Master Plan/Visioning Committee


Capital Campaign

We are pleased to announce that we have received a $7500 lead donation from Discovery Land to our "Deciding Driftwood" Capital Campaign.   In early March, DHCS launched a Capital Campaign to raise $30,000 to engage with Overland Partners Consulting architecture and planning firm in an exciting community planning process.  Its purpose is to develop a compelling Driftwood Vision that will influence our community, developers, businesses and future residents to respect and protect Driftwood’s unique scenic and historic qualities as the area continues to grow.

Our many thanks to Discovery Land for its leadership role in supporting our efforts.  To date, we have raised a third of our $30K fundraising goal, and we are making a major push to reach that goal by June 30, 2019.  THAT MEANS WE STILL NEED YOUR HELP! Please consider making a tax-exempt donation today to the DHCS (a 501-c-3 organization) to help us reach our goal by June 30.  

Support this exciting community planning project!  To donate, please visit our Donate page.

Committee meetings are held the first Wednesday at  6 pm (prior to the RAP meeting) and third Tuesday at 6 pm, in the community center unless  otherwise noted.  Check the calendar for updates.

Current Projects

Sign Standards

The objectives of the Sign Standards for the Driftwood Historical Conservation Society (DHCS) are: 

(A) to maintain Driftwood and Onion Creek Valley’s (OCV) rural aesthetics.
(B) to support private signs which do not overload the public’s capacity to receive information, 

(C) to support private signs which do not hinder public safety by increasing the probability of an accident, either by distracting attention or by obstructing vision and 

(D) to support only a limited number of signs which aid orientation and identify activities or uses.

A large part of the mission of the DHCS is to protect and enhance the Driftwood/Onion Creek Valley’s rural natural beauty. We believe the more the OCV’s natural beauty is preserved, the more beneficial it will be for residents, developers, and commercial businesses. In keeping with this mission, the following sign standards are strongly encouraged.

For Sign Standard information, please click on your following specifics:

General Requirements of Signage  

Permanent Signs  

Office including Medical Office and Service Centers  

Retail Signs  

Building Mounted Signs  

For Sale Signs  

Temporary Signs


The Dark Sky Initiative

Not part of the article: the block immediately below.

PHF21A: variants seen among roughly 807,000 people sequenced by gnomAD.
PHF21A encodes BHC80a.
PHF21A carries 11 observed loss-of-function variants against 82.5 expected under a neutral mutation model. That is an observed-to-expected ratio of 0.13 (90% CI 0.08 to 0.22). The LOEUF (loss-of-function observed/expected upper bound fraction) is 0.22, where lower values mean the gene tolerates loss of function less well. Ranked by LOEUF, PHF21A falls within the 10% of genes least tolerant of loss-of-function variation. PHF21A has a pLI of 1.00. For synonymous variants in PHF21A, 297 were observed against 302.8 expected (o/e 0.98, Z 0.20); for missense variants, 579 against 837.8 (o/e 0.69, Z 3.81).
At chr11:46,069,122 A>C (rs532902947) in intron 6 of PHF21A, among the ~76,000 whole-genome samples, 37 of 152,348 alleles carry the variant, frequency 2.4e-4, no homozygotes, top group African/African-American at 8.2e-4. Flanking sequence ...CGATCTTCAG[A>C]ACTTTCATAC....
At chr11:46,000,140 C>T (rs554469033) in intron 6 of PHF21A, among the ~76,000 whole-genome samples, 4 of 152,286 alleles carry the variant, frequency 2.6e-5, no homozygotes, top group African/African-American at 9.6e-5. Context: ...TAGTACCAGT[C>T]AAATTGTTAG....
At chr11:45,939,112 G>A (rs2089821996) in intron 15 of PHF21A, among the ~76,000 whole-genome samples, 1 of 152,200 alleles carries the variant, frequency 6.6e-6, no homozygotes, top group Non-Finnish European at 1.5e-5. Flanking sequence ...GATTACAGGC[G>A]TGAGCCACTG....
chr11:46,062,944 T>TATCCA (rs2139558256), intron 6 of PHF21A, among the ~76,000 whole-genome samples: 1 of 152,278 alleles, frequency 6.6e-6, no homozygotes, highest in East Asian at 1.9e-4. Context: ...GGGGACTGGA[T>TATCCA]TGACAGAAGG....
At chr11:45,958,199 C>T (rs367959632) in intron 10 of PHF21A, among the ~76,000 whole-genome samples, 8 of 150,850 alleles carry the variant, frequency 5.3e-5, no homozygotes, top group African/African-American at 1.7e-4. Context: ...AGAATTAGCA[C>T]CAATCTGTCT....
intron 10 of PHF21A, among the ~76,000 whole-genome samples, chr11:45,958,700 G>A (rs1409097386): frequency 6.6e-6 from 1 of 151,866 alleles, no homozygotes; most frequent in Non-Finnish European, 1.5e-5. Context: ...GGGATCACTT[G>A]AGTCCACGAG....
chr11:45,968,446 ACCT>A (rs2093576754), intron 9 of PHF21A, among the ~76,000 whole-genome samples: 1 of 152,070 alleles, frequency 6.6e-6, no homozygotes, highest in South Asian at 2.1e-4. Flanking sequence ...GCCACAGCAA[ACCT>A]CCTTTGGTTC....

The DHCS aligns the Driftwood/Onion Creek Valley with Dripping Springs regarding the International Dark Sky Initiative, because we believe it is critical in preserving the environmental natural history in the entire region.

The Wimberley Valley, which encompasses the cities of Woodcreek and Wimberley, was also officially designated the third International Dark Sky Community in Texas on June 11 by the The International Dark-Sky Association (IDA).  For a full article with more information, see the Hays Free Press article from June 20: 

The International Dark Sky Association (IDA), a 501(c)(3) non-profit organization based in Tucson, Arizona, advocates for the protection of the nighttime environment and dark night skies by educating policymakers and the public on the subject of night sky conservation and by promoting environmentally responsible outdoor lighting. 

Dripping Springs was recognized by the IDA in 2014 as an International Dark Sky Community, the very first designation in Texas. 

Protecting A Cultural Legacy

“The history and culture of the Hill Country is intimately tied to its sky, particularly its night sky,” explained John Cassidy, President of the Board of Trustees of the Pound House Foundation, a local Dripping Springs historic preservation group. “Whether sitting around a campfire or sitting in the darkness of their homesteads, those who went before us understood this land in a fundamental way that we must preserve. The clear view of the stars at night is a resource that must be saved and passed along to future generations.”

IDA established the International Dark Sky Places conservation program in 2001 to recognize excellent stewardship of the night sky. Designations are based on stringent outdoor lighting standards and innovative community outreach. Since the program began, five communities including Dripping Springs, thirteen parks and five reserves have received International Dark Sky designation.

For more information on the DHCS’s Dark Sky initiative and proper lighting potentials for your home and commercial projects, please go to:

Purpose and Role of the Committee


The Committee is developing recommendations and guidelines in the form of a planning report that will be used to preserve, improve, inform and influence future development patterns consistent with the greater Driftwood community vision.  

Committee Members

Allison Allen, RAP Liaison,
Ray Beets,
Rick Brennes,
Susie Brennes,
David Braun,
Linda Brown,
Donna Burns,
Casey Cutler,
Jeff Eichelberger,
Venita Fuller,
Doug Harrison,
John Jones,
Robin Melanson,
Kasey Mock,
Mike Pruitt,
Mark Rutledge,
Roy Thornton,
Nancy Thornton,